Baseball Not A Business – Just a Money Maker

in Business

Baseball does not have to follow antitrust laws that most businesses in the United States have to follow.

On May 29, 1922, the United States Supreme Court ruled that organized baseball did not violate antitrust laws, as alleged by the Baltimore franchise of the defunct Federal League in 1915.

The Supreme Court held that organized baseball is not a business, but a sport.

baseball businessCourts have since been reluctant to overrule the decision, making baseball the only professional sport in the country to enjoy an antitrust exemption.

The  reason is simple, it is money.

Baseball owners enjoy not accurately reporting the business of baseball.

While the baseball players union has made some progress into baseball’s antitrust exemption, with the adoption of a collective bargaining agreement, baseball is still a sport in the eyes of the law.

As a result, owners reap significant profits.

The average major league baseball team rose 16% in value during the past year.

The average value is now $605 million. Cable television channels are feeding all major league baseball teams obscene revenue streams. all but two major league baseball teams rose in value in 2011.

The exceptions were the New York Mets, whose value fell 4% to 719 million and the Tampa Bay Rays lose value slipped 2% to 323 million.

Will Lawmakers Ever Take Away Baseball Antitrust Exemption

Lawmakers have threatened in the past to remove baseballs antitrust exemption, but mostly it’s a political chip that gets played from time to time. Baseball makes money, lots and lots of money. That makes the “business of baseball” a very powerful entity.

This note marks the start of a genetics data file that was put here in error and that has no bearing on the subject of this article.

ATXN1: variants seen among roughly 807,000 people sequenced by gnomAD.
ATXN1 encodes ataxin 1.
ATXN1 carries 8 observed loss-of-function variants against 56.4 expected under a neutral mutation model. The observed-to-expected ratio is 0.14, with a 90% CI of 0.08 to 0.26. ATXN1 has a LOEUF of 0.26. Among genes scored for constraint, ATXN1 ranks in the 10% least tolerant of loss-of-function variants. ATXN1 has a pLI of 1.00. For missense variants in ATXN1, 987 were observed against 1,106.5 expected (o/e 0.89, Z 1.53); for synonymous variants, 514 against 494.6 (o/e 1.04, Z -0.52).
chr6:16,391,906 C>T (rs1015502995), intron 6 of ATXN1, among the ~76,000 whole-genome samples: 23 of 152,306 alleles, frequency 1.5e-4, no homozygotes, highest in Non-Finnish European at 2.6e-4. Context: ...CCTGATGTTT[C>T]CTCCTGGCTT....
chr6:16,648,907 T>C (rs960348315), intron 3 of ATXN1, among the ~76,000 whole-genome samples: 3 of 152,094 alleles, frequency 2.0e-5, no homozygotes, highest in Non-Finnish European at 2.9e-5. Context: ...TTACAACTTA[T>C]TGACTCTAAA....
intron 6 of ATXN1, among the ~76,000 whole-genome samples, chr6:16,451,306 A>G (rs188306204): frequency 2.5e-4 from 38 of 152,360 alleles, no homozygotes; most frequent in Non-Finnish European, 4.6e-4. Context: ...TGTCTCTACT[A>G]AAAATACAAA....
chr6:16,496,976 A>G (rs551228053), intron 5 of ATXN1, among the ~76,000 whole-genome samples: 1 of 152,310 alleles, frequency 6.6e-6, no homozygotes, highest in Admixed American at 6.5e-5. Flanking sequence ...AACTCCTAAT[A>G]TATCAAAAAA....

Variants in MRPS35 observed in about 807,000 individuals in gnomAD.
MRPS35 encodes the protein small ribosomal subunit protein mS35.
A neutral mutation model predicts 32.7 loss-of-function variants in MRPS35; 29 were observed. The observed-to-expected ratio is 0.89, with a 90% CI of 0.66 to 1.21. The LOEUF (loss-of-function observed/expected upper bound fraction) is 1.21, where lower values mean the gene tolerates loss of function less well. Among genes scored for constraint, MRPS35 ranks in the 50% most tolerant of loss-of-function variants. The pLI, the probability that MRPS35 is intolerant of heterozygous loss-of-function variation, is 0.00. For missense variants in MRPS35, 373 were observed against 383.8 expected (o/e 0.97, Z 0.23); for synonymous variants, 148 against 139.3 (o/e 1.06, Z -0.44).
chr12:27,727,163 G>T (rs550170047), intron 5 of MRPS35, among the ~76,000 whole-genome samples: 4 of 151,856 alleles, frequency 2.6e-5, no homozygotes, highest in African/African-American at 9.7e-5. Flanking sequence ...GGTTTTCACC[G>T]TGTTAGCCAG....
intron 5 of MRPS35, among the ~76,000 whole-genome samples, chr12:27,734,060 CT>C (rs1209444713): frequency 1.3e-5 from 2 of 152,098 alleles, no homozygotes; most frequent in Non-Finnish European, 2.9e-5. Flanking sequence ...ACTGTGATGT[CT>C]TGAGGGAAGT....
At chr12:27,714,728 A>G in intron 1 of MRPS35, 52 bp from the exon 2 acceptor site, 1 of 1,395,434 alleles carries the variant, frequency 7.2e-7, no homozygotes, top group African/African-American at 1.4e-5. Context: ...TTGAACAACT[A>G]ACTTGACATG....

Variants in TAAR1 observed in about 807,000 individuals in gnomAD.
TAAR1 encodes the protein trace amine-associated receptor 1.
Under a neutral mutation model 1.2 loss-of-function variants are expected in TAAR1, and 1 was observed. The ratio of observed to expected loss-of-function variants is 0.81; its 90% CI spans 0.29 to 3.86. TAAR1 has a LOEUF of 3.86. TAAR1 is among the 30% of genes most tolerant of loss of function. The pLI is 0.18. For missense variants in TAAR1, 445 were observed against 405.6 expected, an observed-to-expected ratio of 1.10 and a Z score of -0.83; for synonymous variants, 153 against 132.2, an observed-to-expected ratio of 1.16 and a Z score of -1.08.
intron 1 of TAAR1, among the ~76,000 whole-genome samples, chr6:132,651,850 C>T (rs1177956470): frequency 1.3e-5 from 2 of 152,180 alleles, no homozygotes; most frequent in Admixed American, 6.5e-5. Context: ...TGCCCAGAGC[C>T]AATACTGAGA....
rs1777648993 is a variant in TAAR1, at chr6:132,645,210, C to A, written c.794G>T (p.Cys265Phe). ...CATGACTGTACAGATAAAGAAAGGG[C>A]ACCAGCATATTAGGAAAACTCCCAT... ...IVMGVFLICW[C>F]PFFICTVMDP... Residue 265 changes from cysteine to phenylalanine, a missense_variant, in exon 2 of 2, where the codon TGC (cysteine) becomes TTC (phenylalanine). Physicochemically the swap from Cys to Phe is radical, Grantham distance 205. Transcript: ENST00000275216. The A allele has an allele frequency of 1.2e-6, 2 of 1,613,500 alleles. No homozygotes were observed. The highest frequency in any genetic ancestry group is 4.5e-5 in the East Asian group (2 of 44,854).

This not news in baseball circles. No one wants to kill the golden goose.

So when your hear about your favorite team not making money, keep in mind they don’t really have to open their books for anyone. a sure sign that they are, is that teams keep doling out multi-year, multimillion dollar deals for players.

Albert Pujols signed a 10 year $240 million deal this past off-season.

The Chicago Cubs hired Theo Epstein away from the Boston Red Sox for $18.5 million as a president of the club, in order to make those multimillion dollar deals with players.

Baseball may not be a business in the eyes of the law, but in the eyes of anyone else that’s looking, they are made they are a money maker.

The Top 5 Teams In Terms of Value for 2011

1.New York Yankees $1.85 Billion

2.Los Angeles Dodgers $1.4 Billion

3.Boston Red Sox $1 Billion

4.Chicago Cubs $879 Million

5.Philadelphia Phillies $723 Million



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